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Acne during pregnancy: Everything you need to know

by Content Editor
Acne during pregnancy: Everything you need to know

Some women experience acne outbreaks during pregnancy, even though they did not necessarily suffer from it before becoming pregnant. What causes acne during pregnancy? How can it be stopped? Will it disappear after pregnancy? We’ll tell you everything.

Table of contents

What causes acne during pregnancy?

With many of the ailments of pregnancy, hormonal impregnation is at fault in the appearance of acne during pregnancy. Progesterone and estrogen are present in high concentrations, which impacts the sebaceous glands, which produce sebum. In excess, this fatty substance that protects the skin tends to clog the pores, resulting in white inflammatory pimples or blackheads, usually on the face, upper chest, or back.

Pregnant women with acne should be reassured that having acne during pregnancy does not mean that their unborn child will have it.

Acne and pregnancy: are some women more at risk?

While all women are susceptible to acne during pregnancy, there are risk factors. Having experienced intense acne outbreaks during adolescence (during puberty), in adulthood, or during a previous pregnancy increases the risk of being affected. However, it is difficult to predict with certainty how acne will develop during pregnancy in a woman who is already prone to it in normal circumstances. In short, it’s a bit of a lottery.

Similarly, although acne should disappear after childbirth, with the return of “normal” hormonal levels, apart from any pathology that may cause acne (such as polycystic ovary syndrome, for example), it is difficult to predict how it will evolve during the nine months of pregnancy. The body and skin can gradually regulate excess sebum and ultimately reduce acne, but this is not guaranteed. The adoption of hygienic and dietary rules is essential to stop acne during pregnancy or limit it so that it does not cause scarring.

What to do when acne breaks out during pregnancy?

First of all, before any medical treatment, you should adopt a few hygiene rules to help the skin deal with the excess sebum.

Here are a few precautions and simple gestures to put in place when faced with acne during pregnancy:

  • Do not touch your pimples and blackheads, even if it is tempting, as this accentuates local inflammation, encourages the spread of bacteria, and complicates healing;
  • Use non-comedogenic cosmetic products and make-up so as not to clog the pores even more;
  • Avoid glycemic peaks by spreading out food intake over the day, with small snacks rather than large meals, and favoring foods with a low glycemic index;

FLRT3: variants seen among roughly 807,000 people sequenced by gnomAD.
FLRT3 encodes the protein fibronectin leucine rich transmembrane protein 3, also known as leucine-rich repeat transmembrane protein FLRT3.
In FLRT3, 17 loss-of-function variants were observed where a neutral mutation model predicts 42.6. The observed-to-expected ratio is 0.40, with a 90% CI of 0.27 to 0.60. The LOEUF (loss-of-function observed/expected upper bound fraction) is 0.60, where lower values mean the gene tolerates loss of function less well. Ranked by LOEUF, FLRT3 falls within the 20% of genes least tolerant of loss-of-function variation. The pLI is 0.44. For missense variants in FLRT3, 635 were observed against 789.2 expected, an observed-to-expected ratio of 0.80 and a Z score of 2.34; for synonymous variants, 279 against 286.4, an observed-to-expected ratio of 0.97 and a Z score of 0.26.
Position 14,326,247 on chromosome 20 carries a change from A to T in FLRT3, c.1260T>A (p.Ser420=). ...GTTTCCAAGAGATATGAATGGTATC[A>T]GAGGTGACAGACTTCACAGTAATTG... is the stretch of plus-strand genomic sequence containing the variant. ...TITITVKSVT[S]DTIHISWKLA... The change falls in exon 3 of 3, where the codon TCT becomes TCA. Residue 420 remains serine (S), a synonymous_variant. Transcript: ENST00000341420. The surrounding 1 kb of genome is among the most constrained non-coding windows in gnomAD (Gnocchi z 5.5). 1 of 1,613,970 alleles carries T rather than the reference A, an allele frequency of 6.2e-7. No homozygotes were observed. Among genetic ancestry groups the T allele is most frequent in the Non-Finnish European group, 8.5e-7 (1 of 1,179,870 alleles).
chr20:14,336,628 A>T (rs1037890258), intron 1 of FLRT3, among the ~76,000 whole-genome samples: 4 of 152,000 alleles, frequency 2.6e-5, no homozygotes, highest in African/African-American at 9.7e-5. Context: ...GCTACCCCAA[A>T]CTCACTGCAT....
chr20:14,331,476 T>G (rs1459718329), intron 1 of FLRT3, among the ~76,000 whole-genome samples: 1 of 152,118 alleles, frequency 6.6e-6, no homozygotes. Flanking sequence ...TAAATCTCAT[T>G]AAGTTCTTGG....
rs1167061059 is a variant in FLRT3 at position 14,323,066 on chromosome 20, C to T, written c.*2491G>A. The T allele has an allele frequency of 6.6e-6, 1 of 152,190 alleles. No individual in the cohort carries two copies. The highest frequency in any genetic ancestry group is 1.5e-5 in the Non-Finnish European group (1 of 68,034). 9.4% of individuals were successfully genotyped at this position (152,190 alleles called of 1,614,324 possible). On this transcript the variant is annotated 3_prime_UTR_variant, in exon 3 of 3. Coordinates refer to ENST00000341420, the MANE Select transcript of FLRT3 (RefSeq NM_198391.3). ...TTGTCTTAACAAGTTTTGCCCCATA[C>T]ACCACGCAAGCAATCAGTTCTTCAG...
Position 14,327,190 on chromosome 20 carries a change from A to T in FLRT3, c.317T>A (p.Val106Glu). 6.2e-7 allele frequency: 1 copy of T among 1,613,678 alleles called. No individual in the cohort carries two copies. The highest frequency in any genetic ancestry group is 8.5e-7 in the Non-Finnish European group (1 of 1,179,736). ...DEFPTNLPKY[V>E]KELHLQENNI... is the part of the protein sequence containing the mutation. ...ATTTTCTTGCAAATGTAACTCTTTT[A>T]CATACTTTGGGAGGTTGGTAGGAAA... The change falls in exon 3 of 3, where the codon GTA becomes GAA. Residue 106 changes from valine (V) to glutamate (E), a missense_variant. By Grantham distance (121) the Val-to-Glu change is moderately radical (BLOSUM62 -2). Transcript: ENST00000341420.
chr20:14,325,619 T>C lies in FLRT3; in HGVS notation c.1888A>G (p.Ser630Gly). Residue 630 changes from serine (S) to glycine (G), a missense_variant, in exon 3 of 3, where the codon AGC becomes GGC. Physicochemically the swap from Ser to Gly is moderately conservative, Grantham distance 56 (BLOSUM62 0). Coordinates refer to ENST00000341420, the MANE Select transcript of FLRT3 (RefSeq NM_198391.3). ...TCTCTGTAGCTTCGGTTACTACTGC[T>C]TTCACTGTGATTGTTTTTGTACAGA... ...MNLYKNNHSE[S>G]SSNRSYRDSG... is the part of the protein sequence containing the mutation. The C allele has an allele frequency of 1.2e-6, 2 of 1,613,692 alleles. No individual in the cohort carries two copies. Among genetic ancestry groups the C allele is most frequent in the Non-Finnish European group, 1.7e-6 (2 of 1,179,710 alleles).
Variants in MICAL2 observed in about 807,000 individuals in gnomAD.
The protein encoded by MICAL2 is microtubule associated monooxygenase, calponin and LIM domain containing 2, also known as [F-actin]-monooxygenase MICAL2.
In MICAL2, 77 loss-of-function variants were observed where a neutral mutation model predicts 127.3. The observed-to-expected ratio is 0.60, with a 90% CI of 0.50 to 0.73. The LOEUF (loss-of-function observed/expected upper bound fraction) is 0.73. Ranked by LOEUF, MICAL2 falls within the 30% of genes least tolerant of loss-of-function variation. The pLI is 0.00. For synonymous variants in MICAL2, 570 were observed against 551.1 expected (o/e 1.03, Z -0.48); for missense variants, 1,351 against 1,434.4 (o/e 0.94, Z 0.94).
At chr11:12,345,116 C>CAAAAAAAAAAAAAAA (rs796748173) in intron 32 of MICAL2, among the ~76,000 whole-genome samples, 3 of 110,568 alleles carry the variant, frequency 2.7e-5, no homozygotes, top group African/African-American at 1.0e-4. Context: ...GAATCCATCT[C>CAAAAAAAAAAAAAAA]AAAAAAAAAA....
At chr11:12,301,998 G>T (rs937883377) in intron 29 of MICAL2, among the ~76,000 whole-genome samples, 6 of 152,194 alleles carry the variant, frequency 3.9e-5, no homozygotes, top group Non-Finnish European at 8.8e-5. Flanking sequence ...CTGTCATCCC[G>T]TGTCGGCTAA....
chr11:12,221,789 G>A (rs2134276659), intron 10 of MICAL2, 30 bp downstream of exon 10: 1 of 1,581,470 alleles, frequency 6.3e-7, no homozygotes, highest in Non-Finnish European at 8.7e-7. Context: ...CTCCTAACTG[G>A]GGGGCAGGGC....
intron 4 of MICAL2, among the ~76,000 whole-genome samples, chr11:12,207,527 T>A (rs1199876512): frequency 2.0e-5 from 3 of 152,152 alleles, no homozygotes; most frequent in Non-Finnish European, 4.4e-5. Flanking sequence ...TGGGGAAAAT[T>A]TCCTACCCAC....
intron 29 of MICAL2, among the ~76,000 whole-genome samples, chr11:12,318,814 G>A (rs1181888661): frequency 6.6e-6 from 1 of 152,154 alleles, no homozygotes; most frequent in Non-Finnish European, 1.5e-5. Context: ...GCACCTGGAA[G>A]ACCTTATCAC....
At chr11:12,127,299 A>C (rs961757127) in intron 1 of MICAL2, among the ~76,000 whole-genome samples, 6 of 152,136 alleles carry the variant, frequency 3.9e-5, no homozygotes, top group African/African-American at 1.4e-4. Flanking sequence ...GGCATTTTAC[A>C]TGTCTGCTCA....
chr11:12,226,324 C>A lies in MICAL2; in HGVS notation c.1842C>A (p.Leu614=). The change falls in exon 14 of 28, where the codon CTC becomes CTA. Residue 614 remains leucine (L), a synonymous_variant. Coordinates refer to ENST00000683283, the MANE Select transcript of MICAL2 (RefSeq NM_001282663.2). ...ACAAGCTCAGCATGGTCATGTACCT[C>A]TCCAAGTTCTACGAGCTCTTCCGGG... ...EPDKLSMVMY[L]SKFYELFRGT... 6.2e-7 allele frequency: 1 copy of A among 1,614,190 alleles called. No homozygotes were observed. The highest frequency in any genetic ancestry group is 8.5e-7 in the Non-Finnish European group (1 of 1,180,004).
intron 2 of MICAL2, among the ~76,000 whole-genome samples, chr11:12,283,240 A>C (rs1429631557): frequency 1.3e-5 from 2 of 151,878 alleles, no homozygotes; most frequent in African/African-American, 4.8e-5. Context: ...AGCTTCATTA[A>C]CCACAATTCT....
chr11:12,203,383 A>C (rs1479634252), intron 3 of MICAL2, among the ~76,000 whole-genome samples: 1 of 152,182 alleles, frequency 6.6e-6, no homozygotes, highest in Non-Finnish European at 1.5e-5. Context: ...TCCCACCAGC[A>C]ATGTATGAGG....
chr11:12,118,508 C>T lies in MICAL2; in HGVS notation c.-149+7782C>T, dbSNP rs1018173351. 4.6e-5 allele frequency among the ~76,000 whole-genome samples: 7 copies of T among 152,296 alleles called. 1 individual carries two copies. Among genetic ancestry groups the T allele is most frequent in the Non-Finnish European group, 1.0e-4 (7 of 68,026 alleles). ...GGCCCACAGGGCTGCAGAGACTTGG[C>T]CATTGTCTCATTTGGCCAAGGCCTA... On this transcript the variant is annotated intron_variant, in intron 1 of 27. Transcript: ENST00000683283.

• Avoid glycemic extremes by spreading out food intake over the day, with small snacks rather than large meals, and favoring foods with a low glycemic index;
  • Use a dermatological soap bar, or Aleppo soap, rather than the classic soap, too aggressive;
  • Clean your face with an anti-acne lotion adapted to pregnancy (be very careful with essential oils, many of which are not recommended);
  • Turn to homeopathy.

Remember that the sun is a false friend of acne, which it can make disappear momentarily only to reappear later. Exposure to the sun to fight acne during pregnancy is not a solution, significantly increasing the risk of pregnancy masks (chloasma).

What are the possible treatments for acne in pregnant women?

If the acne is too severe and persists or worsens despite implementing hygienic and dietary measures, it is best to turn to a professional, i.e., a dermatologist. Only them will be able to give the proper treatment for acne, compatible with pregnancy.

In any case, the use of medication or dermatological creams for acne in pregnant women should be taken with caution and for a short period. Although treatments based on local antibacterial agents or benzoyl peroxide can be considered during pregnancy, there is a lack of data on their safety.

Oral Roaccutane (based on isotretinoin) is contraindicated during pregnancy and breastfeeding, as it would induce malformations in about 20% of cases. It is also advisable to use contraception for one month after stopping Roaccutane before planning a pregnancy to eliminate the drug.


Skin problems are often simply another uncomfortable pregnancy symptom. Following the birth of your kid, your skin should clean up. Pregnancy acne is a skin eruption that occurs during pregnancy and may be caused by hormonal changes.

While pregnancy acne is curable, using some acne treatments while pregnant may be very harmful. Avoid popping or plucking pimples to avoid infection or scars.

Consume a balanced diet rich in fresh fruits and vegetables. Allow time for relaxation. Acne breakouts may be triggered by stress and exhaustion.

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